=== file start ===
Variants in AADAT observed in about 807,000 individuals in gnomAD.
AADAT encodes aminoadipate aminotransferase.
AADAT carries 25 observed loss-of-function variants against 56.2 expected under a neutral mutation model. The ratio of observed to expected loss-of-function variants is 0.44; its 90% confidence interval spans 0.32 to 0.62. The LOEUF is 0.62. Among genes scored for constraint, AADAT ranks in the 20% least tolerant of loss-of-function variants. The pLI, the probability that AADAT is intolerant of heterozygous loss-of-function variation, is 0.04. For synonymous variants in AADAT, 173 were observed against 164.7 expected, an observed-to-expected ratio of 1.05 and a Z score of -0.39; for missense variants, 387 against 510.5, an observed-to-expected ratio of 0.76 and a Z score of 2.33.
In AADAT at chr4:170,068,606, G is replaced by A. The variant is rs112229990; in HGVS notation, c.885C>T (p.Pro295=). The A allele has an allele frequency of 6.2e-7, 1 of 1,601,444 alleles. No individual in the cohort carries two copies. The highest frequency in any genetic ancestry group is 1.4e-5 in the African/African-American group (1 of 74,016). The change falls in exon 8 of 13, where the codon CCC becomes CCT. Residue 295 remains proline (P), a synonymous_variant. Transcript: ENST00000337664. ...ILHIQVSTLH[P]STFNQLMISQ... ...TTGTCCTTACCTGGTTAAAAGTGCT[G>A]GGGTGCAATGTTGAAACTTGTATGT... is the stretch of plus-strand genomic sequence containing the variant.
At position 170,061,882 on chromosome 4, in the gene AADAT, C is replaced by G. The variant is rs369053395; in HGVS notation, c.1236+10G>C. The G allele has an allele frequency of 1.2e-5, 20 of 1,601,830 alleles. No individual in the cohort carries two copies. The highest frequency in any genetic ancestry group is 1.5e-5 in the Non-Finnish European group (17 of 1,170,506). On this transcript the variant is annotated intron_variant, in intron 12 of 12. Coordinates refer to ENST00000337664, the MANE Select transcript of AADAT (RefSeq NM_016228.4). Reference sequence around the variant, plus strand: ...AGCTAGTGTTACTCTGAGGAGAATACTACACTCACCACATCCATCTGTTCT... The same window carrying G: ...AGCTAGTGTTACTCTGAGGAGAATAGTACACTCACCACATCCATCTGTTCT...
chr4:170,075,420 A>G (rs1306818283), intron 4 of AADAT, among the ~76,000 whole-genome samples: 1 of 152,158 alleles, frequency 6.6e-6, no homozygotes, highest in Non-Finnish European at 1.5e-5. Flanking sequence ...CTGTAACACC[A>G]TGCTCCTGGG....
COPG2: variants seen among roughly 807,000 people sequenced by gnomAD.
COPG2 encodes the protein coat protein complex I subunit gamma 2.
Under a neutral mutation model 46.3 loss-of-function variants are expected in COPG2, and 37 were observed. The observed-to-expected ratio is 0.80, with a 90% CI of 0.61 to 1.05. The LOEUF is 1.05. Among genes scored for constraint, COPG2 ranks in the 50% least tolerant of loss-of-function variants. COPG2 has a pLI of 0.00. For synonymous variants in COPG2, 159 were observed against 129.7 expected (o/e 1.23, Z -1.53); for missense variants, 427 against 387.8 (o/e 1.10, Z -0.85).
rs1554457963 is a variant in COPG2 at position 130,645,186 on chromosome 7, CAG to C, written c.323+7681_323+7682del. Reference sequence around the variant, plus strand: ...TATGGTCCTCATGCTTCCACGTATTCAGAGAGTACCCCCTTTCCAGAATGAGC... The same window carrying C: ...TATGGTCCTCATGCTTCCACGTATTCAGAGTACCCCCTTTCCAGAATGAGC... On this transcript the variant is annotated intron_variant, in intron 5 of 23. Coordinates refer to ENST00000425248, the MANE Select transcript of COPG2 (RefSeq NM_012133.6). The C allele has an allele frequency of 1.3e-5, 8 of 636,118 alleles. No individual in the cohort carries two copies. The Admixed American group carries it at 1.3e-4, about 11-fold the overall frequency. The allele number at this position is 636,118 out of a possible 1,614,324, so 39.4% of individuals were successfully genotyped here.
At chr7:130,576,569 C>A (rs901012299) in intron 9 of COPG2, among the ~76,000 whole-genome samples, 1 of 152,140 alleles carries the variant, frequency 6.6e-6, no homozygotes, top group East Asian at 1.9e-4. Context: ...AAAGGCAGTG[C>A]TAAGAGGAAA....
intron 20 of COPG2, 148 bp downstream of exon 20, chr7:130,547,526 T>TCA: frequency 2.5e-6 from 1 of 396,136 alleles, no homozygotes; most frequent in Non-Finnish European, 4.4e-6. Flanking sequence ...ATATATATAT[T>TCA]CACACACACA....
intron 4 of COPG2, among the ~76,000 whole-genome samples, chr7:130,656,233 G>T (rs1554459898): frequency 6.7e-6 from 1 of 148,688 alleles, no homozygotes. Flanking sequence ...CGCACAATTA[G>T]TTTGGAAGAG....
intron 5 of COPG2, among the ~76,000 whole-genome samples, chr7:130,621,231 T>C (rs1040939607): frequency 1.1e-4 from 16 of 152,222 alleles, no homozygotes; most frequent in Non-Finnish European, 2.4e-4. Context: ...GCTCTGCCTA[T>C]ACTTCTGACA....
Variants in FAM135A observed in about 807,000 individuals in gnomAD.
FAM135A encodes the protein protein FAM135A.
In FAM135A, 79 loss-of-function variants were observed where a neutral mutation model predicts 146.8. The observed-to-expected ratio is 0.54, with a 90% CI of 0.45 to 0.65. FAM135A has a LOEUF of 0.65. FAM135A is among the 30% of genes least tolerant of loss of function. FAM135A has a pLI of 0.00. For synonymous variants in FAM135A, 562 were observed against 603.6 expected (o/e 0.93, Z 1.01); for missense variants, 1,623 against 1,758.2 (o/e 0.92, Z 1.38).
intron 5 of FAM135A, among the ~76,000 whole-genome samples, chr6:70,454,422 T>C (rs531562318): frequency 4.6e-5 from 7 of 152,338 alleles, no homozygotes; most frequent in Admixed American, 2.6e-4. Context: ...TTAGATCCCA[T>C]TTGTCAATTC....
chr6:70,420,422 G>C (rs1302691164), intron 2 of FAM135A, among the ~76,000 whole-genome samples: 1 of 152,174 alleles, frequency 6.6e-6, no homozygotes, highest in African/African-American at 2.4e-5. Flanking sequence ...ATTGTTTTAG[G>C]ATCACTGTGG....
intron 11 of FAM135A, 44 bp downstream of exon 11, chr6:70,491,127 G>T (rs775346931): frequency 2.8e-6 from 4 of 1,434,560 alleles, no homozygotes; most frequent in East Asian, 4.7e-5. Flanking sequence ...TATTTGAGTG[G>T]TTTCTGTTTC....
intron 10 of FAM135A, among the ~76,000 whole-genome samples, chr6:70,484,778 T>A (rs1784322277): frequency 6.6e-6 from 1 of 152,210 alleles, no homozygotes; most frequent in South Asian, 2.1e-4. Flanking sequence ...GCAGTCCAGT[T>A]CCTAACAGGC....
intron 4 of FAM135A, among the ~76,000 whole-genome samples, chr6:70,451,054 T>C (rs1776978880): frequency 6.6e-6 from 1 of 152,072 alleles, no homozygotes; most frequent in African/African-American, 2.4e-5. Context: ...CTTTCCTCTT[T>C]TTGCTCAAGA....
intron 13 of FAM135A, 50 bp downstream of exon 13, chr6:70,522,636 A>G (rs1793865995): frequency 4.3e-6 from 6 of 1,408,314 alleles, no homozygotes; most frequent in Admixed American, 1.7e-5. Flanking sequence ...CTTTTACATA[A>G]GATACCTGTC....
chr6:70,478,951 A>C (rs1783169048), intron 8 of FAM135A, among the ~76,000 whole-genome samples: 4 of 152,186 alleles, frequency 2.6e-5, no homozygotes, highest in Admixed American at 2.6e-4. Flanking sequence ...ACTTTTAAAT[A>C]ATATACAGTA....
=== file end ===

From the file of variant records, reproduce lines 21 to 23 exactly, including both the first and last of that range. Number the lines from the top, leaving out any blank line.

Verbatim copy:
intron 10 of FAM135A, among the ~76,000 whole-genome samples, chr6:70,484,778 T>A (rs1784322277): frequency 6.6e-6 from 1 of 152,210 alleles, no homozygotes; most frequent in South Asian, 2.1e-4. Flanking sequence ...GCAGTCCAGT[T>A]CCTAACAGGC....
intron 4 of FAM135A, among the ~76,000 whole-genome samples, chr6:70,451,054 T>C (rs1776978880): frequency 6.6e-6 from 1 of 152,072 alleles, no homozygotes; most frequent in African/African-American, 2.4e-5. Context: ...CTTTCCTCTT[T>C]TTGCTCAAGA....
intron 13 of FAM135A, 50 bp downstream of exon 13, chr6:70,522,636 A>G (rs1793865995): frequency 4.3e-6 from 6 of 1,408,314 alleles, no homozygotes; most frequent in Admixed American, 1.7e-5. Flanking sequence ...CTTTTACATA[A>G]GATACCTGTC....